Tuesday

12th Nov 2019

Supra-national border guard system on EU radar

  • Frontex guards pose for media on the Greek-Turkish border (Photo: ec.europa.eu)

The European Commission is looking into long-term plans to create an entirely new EU border guard service with an independent command and control centre.

While details are scant, a EU source said setting up such a supra-national border agency that goes beyond the remit of the current EU border agency Frontex would be twenty years in the making.

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“We are talking about 2030 or 2035 so this is really a long term development,” noted the contact.

A commission financed feasibility study completed over the summer has put forward a three-phase approach in creating the so-called European System of Border Guards.

Each successive phase is a step forward in centralising control and surveillance of the EU’s borders to an agency manned by EU personnel, which is independent from the respective national authorities.

Phase one calls for greater interaction between member states and the EU in terms of co-operation and decision-making on border control issues.

Phase two places emphasis on shifting decision-making to the EU level. An intermediary European border guard corps would be introduced at this stage.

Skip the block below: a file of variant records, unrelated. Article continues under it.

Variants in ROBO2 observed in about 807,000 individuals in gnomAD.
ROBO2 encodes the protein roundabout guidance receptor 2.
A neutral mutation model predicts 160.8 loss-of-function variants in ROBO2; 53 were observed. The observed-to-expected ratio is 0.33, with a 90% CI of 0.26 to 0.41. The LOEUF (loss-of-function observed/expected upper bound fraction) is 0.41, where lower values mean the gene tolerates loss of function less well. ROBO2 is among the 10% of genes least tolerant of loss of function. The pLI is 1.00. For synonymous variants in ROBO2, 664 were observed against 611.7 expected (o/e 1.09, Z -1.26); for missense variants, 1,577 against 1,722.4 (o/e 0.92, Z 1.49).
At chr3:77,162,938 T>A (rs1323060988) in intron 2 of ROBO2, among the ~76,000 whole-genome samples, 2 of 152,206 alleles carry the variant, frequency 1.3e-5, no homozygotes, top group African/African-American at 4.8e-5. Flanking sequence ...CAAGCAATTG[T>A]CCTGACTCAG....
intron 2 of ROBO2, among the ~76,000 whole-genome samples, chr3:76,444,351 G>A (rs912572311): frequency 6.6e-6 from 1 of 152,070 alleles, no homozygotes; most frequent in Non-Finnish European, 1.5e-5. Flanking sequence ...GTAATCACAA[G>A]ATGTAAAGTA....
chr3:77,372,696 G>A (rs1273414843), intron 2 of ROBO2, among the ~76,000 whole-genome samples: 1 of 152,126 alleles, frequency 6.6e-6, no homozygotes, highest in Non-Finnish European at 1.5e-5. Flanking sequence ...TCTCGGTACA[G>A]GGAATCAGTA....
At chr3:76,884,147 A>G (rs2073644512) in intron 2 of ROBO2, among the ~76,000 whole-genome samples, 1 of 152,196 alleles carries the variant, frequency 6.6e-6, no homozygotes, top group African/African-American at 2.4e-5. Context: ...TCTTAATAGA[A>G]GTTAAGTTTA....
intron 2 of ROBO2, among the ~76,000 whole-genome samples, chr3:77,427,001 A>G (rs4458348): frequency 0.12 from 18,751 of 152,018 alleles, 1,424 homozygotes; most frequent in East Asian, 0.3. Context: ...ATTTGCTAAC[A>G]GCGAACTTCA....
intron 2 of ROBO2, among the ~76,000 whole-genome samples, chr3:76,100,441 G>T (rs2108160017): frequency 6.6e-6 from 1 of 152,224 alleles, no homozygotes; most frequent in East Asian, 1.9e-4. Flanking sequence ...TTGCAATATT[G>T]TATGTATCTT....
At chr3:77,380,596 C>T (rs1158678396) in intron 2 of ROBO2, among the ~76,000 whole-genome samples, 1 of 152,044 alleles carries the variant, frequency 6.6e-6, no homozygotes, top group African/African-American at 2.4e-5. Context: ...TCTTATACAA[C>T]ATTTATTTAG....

The final phase is the most far-reaching.

Also known as “full integration at EU level”, it entails setting up an entirely new agency - the committee on Schengen border management (CSBM).

The new body would be composed of border guards under a EU-level command structure.

The study notes that all border guards, previously acting under the command and control of national authorities, would now form part of the European border guard corps.

The EU border agency Frontex, under this final model, would primarily be tasked to conduct intelligence gathering and manage resources like personnel and equipment.

“The agency [Frontex] would collect the relevant information for strategic analysis through surveillance tools and daily border control activities performed by the EBC [ European border corps],” notes the study.

It would be a complete departure from Frontex, which currently has to ask member states for border guards and equipment.

“The European border guard system is a completely different thing,” said a Frontex spokesperson.

The notion is not new and has been discussed on previous occasions.

Member states, in a June council meeting, had backed the idea of having an EU-wide border guard system to enhance border controls and surveillance.

The idea surfaced again earlier this week when EU migration commissioner Dimitris Avramopoulos spoke about creating a European System of Border Guards in a speech delivered at the European Security Forum 2014.

“Together with the relevant actors at the EU level, I will be exploring the creation of a European System of Border Guards,” he said on Monday (17 November).

The full implications of the study and the future of EU border control is temporarily on hold until an on-going review into Frontex has been finalised.

“The outcome of this evaluation, together with the results of the feasibility study on the creation of a EU System of border Guards, conducted on behalf of the Commission, will feed into the policy debate,” a commission official said in an email.

The evaluation is set for completion sometime mid-2015.

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